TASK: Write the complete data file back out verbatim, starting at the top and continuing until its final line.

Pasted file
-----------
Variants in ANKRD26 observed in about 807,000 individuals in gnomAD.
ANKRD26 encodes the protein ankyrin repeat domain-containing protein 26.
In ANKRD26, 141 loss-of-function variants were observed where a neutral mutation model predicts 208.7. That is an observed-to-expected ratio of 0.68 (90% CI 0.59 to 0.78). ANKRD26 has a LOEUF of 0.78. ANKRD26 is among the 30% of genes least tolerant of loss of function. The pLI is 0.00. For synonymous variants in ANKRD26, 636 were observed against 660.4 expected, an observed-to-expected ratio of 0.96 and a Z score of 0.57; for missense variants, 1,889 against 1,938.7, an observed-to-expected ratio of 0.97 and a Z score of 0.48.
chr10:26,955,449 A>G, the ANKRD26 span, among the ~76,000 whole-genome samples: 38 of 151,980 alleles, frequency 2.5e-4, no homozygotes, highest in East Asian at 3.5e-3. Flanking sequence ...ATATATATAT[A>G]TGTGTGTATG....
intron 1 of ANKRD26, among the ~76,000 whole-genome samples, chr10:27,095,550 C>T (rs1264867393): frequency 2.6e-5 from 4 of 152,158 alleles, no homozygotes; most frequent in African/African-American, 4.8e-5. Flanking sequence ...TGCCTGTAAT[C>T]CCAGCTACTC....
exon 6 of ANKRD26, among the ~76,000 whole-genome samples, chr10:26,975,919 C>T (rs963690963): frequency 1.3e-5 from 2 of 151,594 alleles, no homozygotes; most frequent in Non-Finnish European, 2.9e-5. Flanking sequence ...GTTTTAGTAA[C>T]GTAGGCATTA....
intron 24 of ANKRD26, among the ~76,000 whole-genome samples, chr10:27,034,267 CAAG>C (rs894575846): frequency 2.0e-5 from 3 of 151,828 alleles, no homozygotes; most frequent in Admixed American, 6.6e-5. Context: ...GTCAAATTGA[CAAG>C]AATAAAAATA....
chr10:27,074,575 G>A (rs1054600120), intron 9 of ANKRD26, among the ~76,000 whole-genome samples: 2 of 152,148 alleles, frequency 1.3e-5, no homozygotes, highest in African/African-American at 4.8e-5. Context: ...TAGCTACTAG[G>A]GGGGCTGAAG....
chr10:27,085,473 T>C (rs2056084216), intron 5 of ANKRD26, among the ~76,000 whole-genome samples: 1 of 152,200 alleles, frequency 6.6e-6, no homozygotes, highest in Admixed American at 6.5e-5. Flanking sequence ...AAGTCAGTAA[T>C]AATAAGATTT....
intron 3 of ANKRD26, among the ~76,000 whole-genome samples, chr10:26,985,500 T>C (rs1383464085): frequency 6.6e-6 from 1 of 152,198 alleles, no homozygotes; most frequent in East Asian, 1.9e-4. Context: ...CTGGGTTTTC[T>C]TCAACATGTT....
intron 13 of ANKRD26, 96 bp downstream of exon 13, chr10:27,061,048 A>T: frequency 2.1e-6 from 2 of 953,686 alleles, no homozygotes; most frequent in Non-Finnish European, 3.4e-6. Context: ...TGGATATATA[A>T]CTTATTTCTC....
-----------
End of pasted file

Variants in ANKRD26 observed in about 807,000 individuals in gnomAD.
ANKRD26 encodes the protein ankyrin repeat domain-containing protein 26.
In ANKRD26, 141 loss-of-function variants were observed where a neutral mutation model predicts 208.7. That is an observed-to-expected ratio of 0.68 (90% CI 0.59 to 0.78). ANKRD26 has a LOEUF of 0.78. ANKRD26 is among the 30% of genes least tolerant of loss of function. The pLI is 0.00. For synonymous variants in ANKRD26, 636 were observed against 660.4 expected, an observed-to-expected ratio of 0.96 and a Z score of 0.57; for missense variants, 1,889 against 1,938.7, an observed-to-expected ratio of 0.97 and a Z score of 0.48.
chr10:26,955,449 A>G, the ANKRD26 span, among the ~76,000 whole-genome samples: 38 of 151,980 alleles, frequency 2.5e-4, no homozygotes, highest in East Asian at 3.5e-3. Flanking sequence ...ATATATATAT[A>G]TGTGTGTATG....
intron 1 of ANKRD26, among the ~76,000 whole-genome samples, chr10:27,095,550 C>T (rs1264867393): frequency 2.6e-5 from 4 of 152,158 alleles, no homozygotes; most frequent in African/African-American, 4.8e-5. Flanking sequence ...TGCCTGTAAT[C>T]CCAGCTACTC....
exon 6 of ANKRD26, among the ~76,000 whole-genome samples, chr10:26,975,919 C>T (rs963690963): frequency 1.3e-5 from 2 of 151,594 alleles, no homozygotes; most frequent in Non-Finnish European, 2.9e-5. Flanking sequence ...GTTTTAGTAA[C>T]GTAGGCATTA....
intron 24 of ANKRD26, among the ~76,000 whole-genome samples, chr10:27,034,267 CAAG>C (rs894575846): frequency 2.0e-5 from 3 of 151,828 alleles, no homozygotes; most frequent in Admixed American, 6.6e-5. Context: ...GTCAAATTGA[CAAG>C]AATAAAAATA....
chr10:27,074,575 G>A (rs1054600120), intron 9 of ANKRD26, among the ~76,000 whole-genome samples: 2 of 152,148 alleles, frequency 1.3e-5, no homozygotes, highest in African/African-American at 4.8e-5. Context: ...TAGCTACTAG[G>A]GGGGCTGAAG....
chr10:27,085,473 T>C (rs2056084216), intron 5 of ANKRD26, among the ~76,000 whole-genome samples: 1 of 152,200 alleles, frequency 6.6e-6, no homozygotes, highest in Admixed American at 6.5e-5. Flanking sequence ...AAGTCAGTAA[T>C]AATAAGATTT....
intron 3 of ANKRD26, among the ~76,000 whole-genome samples, chr10:26,985,500 T>C (rs1383464085): frequency 6.6e-6 from 1 of 152,198 alleles, no homozygotes; most frequent in East Asian, 1.9e-4. Context: ...CTGGGTTTTC[T>C]TCAACATGTT....
intron 13 of ANKRD26, 96 bp downstream of exon 13, chr10:27,061,048 A>T: frequency 2.1e-6 from 2 of 953,686 alleles, no homozygotes; most frequent in Non-Finnish European, 3.4e-6. Context: ...TGGATATATA[A>T]CTTATTTCTC....